Last Updated February 20th, 2019
Season changes and climatic variations induce several changes in the human body. The psychological impacts of seasonal changes are severe and are more widespread in the cold climatic zones. One such disorder that adversely impacts the mental health of the inhabitants of these climatic regions is- “Seasonal affective disorder”. Nearly 10 million Americans are affected each year due to seasonal affective disorder. Some of the other general studies showed that women are more likely to suffer from seasonal affective disorder than men, at an approximate ratio of 1.8:1.
What is a seasonal affective disorder?
Seasonal affective disorder (SAD) is a form of mental depression that occurs mainly during seasonal transitions. It is more predominant in cold countries. In the cold climatic zones, the end of fall to the beginning of winter usually marks the onset of this disease. It extends till the end of Spring. Due to its time of occurrence, a seasonal affective disorder is also known as “winter blues”. The shortening of day length and the low intensity of sunlight are the primary triggers of a seasonal affective disorder. But in some cases, another type of seasonal affective disorder starts in Spring and extends till summer. But this type is not so common.
Research studies prove that seasonal affective disorders often run in families. Reports of the American Psychiatric Association say that 13-17% of people suffering from the disease have a very close family member who is also experiencing similar symptoms.
What causes seasonal affective disorder?
A number of factors precipitate seasonal affective disorder. These are given below-
- Shorter photoperiod (light-dark cycle) in winter that causes a biochemical imbalance in the brain
- Northern latitude (have shorter winter photoperiods)
- An abnormal shift of the Circadian rhythm that affects the sleep-wake cycle
- Disturbance in neurotransmitter functions (dopamine, serotonin, norepinephrine)
- A sharp rise in the production of melatonin (triggers depression) due to the prevalence of extended dark periods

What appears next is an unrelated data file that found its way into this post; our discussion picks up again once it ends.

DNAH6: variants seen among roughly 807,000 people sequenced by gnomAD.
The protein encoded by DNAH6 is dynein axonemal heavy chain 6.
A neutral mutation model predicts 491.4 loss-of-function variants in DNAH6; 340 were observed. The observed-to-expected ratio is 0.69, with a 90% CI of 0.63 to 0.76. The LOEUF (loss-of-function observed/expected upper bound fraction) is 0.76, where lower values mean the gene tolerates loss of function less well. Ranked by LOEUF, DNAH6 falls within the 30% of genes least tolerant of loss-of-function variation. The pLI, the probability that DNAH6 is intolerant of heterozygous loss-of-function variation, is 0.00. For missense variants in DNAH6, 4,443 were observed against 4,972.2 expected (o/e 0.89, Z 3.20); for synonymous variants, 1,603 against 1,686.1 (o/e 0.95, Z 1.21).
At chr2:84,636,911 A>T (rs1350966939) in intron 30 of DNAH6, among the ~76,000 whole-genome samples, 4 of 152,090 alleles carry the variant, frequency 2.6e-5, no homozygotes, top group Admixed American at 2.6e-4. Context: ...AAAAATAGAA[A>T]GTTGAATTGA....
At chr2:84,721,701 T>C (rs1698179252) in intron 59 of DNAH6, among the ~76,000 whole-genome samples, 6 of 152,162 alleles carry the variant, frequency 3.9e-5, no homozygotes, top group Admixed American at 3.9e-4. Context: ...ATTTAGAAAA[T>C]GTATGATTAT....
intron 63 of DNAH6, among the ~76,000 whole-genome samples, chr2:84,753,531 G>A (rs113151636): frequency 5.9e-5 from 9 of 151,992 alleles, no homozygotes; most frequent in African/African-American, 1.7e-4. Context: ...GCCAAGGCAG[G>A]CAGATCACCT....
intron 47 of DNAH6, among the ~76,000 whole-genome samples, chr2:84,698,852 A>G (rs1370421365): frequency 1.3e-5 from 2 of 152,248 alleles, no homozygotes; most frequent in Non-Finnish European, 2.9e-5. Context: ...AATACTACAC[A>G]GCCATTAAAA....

- Disruption of the internal body clock
- Low serotonin concentration in the body due to an absence of bright light
- An extended stay in dark periods
- Prevalence of seasonal affective disorder in the family
- Oxygen deficiency in the body
- Disturbed sleep
The following factors may exacerbate existing seasonal affective disorders-
- Medical illness
- A sudden change in dietary pattern
- Change in usual medications
- Substance abuse
- Withdrawal from substance abuse
What are the main features of seasonal affective disorder?
The seasonal affective disorder has a few characteristic features. These are as follows-
- Recurrent depression: Episodes of recurrent depression occur almost at the same time of the year. It starts at around September to October and ends around March to April
- Remission: Dissipation of the depressive symptoms occurs during May to August. Complete remission is possible only if the depressive episodes are absent for two consecutive months.
- Lifelong illness: In these cases, the number of seasonal depressive episodes exceeds that of non-seasonal episodes of depression.
- Seasonal episodes: The seasonal episodes of depression take place in at least two consecutive years.
What are the symptoms of seasonal affective disorder?
Knowledge of the following symptoms of a seasonal affective disorder (for winter) is essential for proper diagnosis and treatment-
- Feeling low, guilty and sad
- Low self-worth
- Poor concentration
- Extreme lack of energy
- Lethargy to perform mundane tasks
- Sleep disorders (non-restorative sleep)
- Anxiety and panic
- Mood swings
- Increased appetite (comfort eating)
- Loss of immune capacity
- Lack of interest in sex
- Social withdrawal
- Difficulty coping with one’s surroundings
- A tendency of substance abuse
- Lack of interest in normally pleasurable activities (Anhedonia)
- An abnormal craving for carbohydrates and sweets
- Weight gain
- Suicidal tendencies
- Problems in menstruation
The symptoms of summer seasonal affective disorder are as follows-
- Hyperactivity or Hypomania
- Poor appetite
- Weight loss
- Sleep disturbance (insomnia)
What are the different types of seasonal affective disorder?
The classification of the seasonal affective disorder depends on the time of occurrence of the disease. The two primary disorders are as follows-